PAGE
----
Imagine if every Australian was allowed to receive one adjustment per week, and that adjustment was covered under Medicare? But here’s the condition: You can only deliver one adjustment per week, per person, and you have to demonstrate the measure benefits of those adjustments every three months using impartial objective outcome tools. I guess there would be a minority of DCs who would think they had found easy street and delivered any old adjustment, in any old fashion, without much consideration for where or how they delivered that adjustment - just so long as the cheques kept rolling in. But for the rest of us, we would want to be completely diligent in ensuring that this one adjustment was a good one, a really good one, and that we adjusted the segment which most needed to be adjusted, and in the right direction because you can’t just hit it on both sides - you only get one shot!!

Think about this in the context of how you currently prioritise how you deliver your adjustments each and every day:

1) Do you start at the bottom and work your way up, or some other variation of this theme? Check and adjust the low back, check and adjust the thoracics, then roll them over and check and adjust their neck? Most DCs have an order in which they adjust everyone. It may not be the order I mentioned, but in most cases it will be a “routine” based on the practitioner’s habit as opposed to some patient-centred findings dictating where you start and finish. STOP IT: Take an extra few seconds to analyse your patients’ spines and make a decision about which is the most important adjustment to make on that visit.

2) Do you adjust the same segments in the same order, any three visits in a row? I thought your practice members were supposed to be getting better and progressing to a new level of health - why then would they continue to have the same subluxations? If you are activating retracing in their body then surely the next layer of subluxation should appear and need to be corrected? And, since they last saw you a lot of different stresses have presented, so they may have a new and different layer appearing on the next visit. Why do we say that the body is a self-healing adaptive organism and then fail to adapt and change our adjustments to keep up? BEWARE: If you check your notes and see that patients are getting the same mix of adjustments on every visit then there’s only two options - A) you put the stuck pattern there with your repetitive habituating stimulus, or, B) their spine isn’t evolving under your care - either way you need to try a new strategy.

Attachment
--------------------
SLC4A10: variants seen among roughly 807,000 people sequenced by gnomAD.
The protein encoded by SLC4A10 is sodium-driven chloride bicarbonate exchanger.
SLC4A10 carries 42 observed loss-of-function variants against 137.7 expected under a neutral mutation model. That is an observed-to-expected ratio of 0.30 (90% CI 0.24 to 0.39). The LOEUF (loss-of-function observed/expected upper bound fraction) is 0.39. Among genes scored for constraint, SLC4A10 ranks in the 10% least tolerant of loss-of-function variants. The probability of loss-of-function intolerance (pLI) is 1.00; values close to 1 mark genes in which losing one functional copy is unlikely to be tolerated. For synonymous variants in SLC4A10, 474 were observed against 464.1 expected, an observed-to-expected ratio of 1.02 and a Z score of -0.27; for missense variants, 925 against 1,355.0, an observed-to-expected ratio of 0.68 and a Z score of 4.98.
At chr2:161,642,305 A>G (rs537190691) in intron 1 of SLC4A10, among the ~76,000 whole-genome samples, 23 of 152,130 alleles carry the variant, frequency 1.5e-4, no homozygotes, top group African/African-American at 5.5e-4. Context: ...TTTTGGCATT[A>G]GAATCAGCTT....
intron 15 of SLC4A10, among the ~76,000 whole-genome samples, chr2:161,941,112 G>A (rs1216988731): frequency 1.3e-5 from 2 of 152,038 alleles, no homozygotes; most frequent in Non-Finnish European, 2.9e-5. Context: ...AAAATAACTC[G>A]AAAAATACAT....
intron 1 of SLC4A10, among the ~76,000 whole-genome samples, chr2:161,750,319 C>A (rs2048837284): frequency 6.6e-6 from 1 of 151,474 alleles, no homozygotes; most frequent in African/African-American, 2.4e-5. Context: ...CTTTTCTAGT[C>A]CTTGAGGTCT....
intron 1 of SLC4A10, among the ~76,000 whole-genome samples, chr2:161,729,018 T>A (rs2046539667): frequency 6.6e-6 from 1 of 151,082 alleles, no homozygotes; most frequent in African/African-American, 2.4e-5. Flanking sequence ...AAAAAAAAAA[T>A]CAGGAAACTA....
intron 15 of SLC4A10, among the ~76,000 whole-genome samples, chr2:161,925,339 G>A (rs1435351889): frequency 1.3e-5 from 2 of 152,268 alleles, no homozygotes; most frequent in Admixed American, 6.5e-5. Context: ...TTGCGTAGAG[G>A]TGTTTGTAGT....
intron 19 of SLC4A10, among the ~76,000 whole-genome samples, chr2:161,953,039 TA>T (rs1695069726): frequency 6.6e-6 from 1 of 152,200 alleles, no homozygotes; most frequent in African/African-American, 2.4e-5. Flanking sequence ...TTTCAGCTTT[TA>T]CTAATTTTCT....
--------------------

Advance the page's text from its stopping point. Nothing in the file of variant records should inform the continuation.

3) Do you have a system that allows you to make a live analysis and differential diagnosis of which subluxation wants to be adjusted at any given moment in time? When we teach TRT we show you 14 different indicators of subluxation and train you in the differential diagnosis technique that gives you absolute certainty and precision in making this vital decision…

Click Here To Find Out More About TRT Training…

An interesting question arising from my hypothetical above is for our profession as wellness providers. I used the weekly example based on the observation that:

1) If I could get adjusted as often as I liked I would probably get an adjustment every week;

2) I conducted a highly informal survey of a group of my practice members when I asked them “if you could get adjusted whenever you liked and it didn’t cost you anything, how often would you get adjusted?” The most common reply was “I’d come every week”;

3) I have been using functional assessment technologies in my practice for over a decade and have observed qualitatively and quantitatively the biggest changes when clients are getting adjusted weekly (go beyond three weeks and you will see a significant percentage of clients start to deteriorate functionally);

4) Many chiropractors I have met who claim to be wellness DCs get adjusted weekly and recommend weekly adjustments.

But, how much would this cost the community if every man, woman and child was adjusted weekly: Using the round figure of 20 million people and $40 per adjustment, that comes to $800 million per week.

Here’s the ultimate challenge: We would have to be able to demonstrate without a shadow of a doubt that we were saving the Australian economy at least $1 Billion per week? Can we do this? Your thoughts are welcome…